Chairmakers landlord Angus Reid awarded for keeping 'cool and calm' after car crashes into his pub and says his Royal Navy training was the key
A PUB landlord who received an award for keeping ‘cool and calm’ after a driver crashed into his pub said his Royal Navy training ‘kicked in’ as he sought to help the stricken man who was feared dead.
Angus Reid and his wife Sherry were inside the Chairmakers Arms, Worlds End, drinking coffee at about 9am on February 27 when they saw a silver Peugeot lose control off Apless Lane before flying through the air.
The vehicle, which had careered off the 60mph bend in the road, ploughed through the gates of the pub before flipping over and then smashing into the bay window of the pub.
Angus raced to the aid of the unconscious driver and tried to stem the flow of blood pouring from his injuries as petrol leaked from the vehicle.
As other cars stopped to help, Angus, a former Royal Navy stores accountant who was in charge of organising logistics and supplies to ships, took the lead in the crisis situation.
‘He was unconscious when I got to him,’ Angus said. ‘I thought he was dead. But then he came round and I just tried to keep him calm by talking to him and asking him questions until the emergency services arrived.
‘As I’m ex-navy my training kicked in and instinctively it all came back to me. My wife was giving updates to the emergency services. It was a good team effort.
‘Because we are in an isolated spot it was around 10 minutes before they turned up, which was a quite good response.’
One of those who went to help was Winchester city councillor Rachael Pearson who witnessed Angus attending to the driver, who it was feared had suffered spinal injuries.
It prompted her to put the landlord forward for a Community Champion Award, which he has now received.
‘I witnessed him be cool, calm and collected while communicating to the trapped person in the vehicle that the emergency services were on their way,’ she wrote on the award.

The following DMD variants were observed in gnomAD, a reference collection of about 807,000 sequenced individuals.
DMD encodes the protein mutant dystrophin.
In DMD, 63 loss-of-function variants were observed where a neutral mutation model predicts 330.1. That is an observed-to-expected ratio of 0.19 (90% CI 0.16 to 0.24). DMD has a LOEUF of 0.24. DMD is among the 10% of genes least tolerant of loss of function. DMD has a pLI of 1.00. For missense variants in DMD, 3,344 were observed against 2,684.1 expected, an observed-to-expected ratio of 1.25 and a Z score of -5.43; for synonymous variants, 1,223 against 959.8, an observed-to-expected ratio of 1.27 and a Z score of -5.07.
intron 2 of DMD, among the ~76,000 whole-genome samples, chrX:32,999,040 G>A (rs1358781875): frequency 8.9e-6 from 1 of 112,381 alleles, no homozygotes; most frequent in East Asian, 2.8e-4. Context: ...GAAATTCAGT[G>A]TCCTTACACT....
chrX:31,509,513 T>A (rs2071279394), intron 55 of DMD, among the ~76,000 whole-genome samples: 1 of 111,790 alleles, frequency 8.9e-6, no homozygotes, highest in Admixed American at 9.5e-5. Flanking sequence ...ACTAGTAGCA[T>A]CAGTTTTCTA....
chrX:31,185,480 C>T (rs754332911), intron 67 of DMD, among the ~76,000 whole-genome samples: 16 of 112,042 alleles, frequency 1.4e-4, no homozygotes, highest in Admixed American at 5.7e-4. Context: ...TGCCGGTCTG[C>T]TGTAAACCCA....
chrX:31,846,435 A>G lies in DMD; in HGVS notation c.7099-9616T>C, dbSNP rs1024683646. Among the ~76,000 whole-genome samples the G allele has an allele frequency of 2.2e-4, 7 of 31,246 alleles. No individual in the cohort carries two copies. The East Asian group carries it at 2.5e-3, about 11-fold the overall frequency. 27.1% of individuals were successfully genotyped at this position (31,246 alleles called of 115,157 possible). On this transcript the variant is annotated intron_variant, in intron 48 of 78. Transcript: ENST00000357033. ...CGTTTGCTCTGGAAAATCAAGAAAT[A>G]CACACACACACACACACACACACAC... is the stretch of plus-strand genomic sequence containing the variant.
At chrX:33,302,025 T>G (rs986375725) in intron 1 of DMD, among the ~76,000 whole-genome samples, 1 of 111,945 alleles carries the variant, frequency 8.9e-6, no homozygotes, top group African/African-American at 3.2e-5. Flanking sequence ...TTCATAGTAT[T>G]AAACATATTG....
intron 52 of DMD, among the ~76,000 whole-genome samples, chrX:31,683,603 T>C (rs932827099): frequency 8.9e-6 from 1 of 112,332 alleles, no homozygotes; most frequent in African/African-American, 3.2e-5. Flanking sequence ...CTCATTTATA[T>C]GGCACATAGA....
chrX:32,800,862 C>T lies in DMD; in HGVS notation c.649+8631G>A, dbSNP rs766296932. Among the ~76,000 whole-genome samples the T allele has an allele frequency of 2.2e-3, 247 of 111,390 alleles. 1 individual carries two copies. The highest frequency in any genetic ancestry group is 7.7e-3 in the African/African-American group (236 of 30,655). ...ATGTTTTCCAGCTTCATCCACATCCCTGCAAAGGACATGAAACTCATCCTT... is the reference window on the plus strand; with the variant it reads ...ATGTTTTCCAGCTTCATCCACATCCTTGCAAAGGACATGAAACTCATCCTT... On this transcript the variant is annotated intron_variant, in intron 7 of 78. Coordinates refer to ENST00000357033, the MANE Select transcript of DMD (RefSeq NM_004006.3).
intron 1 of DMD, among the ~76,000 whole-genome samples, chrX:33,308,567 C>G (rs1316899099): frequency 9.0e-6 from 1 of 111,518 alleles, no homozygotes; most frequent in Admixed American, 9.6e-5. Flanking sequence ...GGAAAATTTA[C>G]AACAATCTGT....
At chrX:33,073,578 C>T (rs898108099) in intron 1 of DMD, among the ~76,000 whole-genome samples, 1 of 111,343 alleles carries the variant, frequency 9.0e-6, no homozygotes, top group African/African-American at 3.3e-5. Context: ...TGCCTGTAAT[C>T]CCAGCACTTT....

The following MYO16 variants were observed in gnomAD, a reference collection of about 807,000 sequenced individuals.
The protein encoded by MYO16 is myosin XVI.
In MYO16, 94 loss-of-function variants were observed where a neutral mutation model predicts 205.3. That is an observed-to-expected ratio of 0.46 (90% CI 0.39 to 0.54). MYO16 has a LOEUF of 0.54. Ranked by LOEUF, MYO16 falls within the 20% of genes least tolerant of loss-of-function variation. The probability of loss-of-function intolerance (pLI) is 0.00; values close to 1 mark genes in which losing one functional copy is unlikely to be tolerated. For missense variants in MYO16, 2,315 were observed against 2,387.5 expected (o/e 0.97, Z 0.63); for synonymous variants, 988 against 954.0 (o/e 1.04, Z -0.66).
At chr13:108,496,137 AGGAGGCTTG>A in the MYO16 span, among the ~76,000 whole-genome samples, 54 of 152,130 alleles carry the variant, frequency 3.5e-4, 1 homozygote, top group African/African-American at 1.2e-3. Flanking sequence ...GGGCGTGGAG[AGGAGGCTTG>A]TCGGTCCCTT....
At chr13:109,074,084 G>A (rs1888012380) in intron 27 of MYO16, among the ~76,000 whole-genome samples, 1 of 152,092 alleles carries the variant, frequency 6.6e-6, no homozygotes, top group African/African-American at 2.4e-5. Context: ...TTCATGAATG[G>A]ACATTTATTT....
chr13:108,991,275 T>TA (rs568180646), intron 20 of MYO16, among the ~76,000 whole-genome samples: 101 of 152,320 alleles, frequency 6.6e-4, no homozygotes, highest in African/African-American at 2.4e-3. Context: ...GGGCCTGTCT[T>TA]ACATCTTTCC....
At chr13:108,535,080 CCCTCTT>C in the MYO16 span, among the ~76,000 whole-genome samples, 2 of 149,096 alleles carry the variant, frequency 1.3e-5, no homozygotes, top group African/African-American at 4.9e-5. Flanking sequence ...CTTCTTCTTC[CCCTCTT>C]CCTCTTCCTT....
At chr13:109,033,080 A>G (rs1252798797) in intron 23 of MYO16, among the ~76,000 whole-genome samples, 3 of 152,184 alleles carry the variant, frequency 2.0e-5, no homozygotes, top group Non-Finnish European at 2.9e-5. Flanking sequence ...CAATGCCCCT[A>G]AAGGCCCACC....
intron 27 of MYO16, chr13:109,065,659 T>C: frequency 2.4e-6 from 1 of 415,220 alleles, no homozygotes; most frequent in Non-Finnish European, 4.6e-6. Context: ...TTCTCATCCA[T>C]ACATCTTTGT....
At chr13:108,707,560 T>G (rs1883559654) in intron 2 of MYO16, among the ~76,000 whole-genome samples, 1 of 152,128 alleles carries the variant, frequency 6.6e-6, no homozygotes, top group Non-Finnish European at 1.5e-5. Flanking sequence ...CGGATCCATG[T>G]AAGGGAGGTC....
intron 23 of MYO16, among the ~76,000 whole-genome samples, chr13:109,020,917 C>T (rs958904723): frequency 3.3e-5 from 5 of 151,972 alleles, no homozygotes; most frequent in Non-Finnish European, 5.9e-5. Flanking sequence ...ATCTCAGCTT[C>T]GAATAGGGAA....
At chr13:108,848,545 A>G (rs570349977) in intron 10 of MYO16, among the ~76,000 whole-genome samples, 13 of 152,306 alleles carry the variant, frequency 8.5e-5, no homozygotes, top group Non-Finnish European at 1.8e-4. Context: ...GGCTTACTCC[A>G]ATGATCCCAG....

‘He conveyed compassion, selfless assistance and leadership qualities.’
Following the award, Angus said: ‘It’s nice to be recognised. I’m just glad it all ended well.
‘The driver phoned me a few days later to say thank you and that he was fine.
‘I’m glad he was ok because it could have been worse. The car was upside down and had a large wooden beer barrel on its roof that had pinned him in the car.
‘But if the barrel was not there he would have come right into the pub which would have been worse for him. We’re thankful everything turned out ok.’
Debris was strewn across the pub car park needing a two-day clear-up with damage costing £30,000. ‘We’re hoping to claim the money back from the insurance company but they are still yet to acknowledge our claim,’ the publican said.
Angus has also called for a speed reduction along the road with him saying 60mph is ‘too fast’ for the bend on the road after there was another crash by the pub three months before this one.
‘It’s not the first time we’ve had a crash here,’ he said. ‘The previous crash saw a car end up in the field after turning over.’
Angus served the Royal Navy between 1985 and 1994 and was deployed to the Gulf and Israel and served aboard HMS Victory during his stint.